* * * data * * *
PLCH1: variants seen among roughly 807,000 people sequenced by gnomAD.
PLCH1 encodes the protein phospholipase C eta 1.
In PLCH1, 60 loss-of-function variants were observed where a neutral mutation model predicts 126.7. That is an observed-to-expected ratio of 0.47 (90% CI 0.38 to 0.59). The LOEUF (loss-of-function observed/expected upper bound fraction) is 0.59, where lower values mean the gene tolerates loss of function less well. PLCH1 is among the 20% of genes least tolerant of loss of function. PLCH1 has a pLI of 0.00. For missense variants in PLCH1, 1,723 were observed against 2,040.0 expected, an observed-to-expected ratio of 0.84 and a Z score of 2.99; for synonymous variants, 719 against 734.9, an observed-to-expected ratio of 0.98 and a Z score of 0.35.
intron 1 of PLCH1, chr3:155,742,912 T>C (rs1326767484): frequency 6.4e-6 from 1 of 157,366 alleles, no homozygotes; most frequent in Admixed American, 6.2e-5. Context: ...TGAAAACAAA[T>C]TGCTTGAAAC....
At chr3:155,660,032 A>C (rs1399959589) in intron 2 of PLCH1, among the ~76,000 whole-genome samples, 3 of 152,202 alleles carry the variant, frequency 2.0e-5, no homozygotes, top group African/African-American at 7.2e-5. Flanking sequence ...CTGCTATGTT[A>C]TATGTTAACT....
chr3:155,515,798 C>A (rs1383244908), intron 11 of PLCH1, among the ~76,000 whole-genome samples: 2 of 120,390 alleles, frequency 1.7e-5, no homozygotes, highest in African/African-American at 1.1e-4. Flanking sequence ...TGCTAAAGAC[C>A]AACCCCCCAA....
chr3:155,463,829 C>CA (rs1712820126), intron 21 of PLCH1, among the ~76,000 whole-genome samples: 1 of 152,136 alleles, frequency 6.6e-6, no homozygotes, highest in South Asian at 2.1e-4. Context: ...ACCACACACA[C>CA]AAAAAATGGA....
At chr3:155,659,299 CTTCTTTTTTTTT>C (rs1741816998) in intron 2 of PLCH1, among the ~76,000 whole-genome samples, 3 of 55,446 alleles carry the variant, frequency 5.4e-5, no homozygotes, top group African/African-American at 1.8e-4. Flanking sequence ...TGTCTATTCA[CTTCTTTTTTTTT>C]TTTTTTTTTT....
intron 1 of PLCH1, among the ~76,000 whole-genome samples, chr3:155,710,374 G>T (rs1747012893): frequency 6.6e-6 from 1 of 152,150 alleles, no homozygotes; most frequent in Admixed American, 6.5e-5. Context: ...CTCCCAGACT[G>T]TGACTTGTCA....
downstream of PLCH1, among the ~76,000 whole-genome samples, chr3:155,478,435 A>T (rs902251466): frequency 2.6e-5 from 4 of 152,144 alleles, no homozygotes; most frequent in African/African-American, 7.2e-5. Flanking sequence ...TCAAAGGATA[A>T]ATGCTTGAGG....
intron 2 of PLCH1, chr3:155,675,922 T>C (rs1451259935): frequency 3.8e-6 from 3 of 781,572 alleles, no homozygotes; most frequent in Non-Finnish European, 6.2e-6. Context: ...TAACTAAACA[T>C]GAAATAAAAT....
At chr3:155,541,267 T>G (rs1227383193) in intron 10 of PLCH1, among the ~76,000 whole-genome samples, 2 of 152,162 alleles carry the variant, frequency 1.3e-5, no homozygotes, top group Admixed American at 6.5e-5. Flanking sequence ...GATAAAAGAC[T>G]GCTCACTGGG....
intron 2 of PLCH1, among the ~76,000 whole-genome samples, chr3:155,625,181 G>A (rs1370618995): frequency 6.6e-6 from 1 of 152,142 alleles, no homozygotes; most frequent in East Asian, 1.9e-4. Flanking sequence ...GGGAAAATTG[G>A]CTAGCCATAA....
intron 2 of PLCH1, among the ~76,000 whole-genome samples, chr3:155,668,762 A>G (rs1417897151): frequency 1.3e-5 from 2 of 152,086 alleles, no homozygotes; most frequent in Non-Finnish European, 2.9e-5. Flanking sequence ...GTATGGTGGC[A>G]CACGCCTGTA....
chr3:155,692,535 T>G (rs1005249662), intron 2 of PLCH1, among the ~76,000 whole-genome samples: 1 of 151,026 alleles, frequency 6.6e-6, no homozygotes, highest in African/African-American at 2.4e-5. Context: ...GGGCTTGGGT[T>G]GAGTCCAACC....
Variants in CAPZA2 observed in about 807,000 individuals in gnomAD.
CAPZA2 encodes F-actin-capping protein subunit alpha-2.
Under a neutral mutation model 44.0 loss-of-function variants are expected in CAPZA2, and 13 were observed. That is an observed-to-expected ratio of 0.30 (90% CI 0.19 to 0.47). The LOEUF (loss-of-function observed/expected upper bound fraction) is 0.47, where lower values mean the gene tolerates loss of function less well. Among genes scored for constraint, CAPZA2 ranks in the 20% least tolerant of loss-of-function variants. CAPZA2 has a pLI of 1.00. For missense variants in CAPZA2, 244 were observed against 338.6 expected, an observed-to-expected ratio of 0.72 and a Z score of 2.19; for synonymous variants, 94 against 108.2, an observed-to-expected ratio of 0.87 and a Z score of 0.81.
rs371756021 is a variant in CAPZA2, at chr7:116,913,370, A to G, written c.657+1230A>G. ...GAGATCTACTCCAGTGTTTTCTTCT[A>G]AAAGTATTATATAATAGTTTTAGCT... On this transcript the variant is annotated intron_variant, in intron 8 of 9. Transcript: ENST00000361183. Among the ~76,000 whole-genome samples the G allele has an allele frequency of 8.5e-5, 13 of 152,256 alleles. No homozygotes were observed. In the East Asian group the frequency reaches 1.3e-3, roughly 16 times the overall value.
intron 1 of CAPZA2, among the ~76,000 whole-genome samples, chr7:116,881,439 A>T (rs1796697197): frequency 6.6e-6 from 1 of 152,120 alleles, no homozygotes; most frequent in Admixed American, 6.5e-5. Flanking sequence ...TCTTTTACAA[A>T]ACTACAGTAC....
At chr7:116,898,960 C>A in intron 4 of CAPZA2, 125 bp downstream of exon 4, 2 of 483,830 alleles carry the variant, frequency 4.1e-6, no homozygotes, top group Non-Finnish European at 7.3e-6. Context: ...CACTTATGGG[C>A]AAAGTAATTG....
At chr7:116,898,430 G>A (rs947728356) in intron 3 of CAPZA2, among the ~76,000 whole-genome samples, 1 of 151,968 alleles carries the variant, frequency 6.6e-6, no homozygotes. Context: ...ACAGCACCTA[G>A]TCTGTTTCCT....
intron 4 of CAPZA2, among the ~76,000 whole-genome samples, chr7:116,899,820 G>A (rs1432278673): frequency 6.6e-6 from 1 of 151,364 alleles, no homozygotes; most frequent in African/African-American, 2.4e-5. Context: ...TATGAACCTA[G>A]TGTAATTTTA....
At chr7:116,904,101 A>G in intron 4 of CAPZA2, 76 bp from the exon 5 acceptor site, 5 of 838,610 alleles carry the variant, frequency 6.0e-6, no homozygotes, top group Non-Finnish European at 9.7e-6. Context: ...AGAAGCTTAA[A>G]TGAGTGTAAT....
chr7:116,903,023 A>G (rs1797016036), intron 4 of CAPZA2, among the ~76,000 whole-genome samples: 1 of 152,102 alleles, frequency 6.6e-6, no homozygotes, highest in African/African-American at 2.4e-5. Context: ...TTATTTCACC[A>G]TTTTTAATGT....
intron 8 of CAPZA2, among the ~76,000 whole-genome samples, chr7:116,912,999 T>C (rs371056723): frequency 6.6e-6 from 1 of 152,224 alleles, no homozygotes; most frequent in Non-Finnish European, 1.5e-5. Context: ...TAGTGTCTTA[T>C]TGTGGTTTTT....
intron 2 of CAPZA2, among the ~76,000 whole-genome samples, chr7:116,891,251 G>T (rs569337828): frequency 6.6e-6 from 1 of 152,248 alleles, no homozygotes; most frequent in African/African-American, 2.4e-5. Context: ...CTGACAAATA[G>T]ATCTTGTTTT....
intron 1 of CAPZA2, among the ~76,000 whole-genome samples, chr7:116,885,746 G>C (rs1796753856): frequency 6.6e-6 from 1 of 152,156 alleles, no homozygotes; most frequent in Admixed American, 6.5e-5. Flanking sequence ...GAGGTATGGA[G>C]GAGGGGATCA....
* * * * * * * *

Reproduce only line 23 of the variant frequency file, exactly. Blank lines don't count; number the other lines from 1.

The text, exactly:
intron 4 of CAPZA2, among the ~76,000 whole-genome samples, chr7:116,899,820 G>A (rs1432278673): frequency 6.6e-6 from 1 of 151,364 alleles, no homozygotes; most frequent in African/African-American, 2.4e-5. Context: ...TATGAACCTA[G>A]TGTAATTTTA....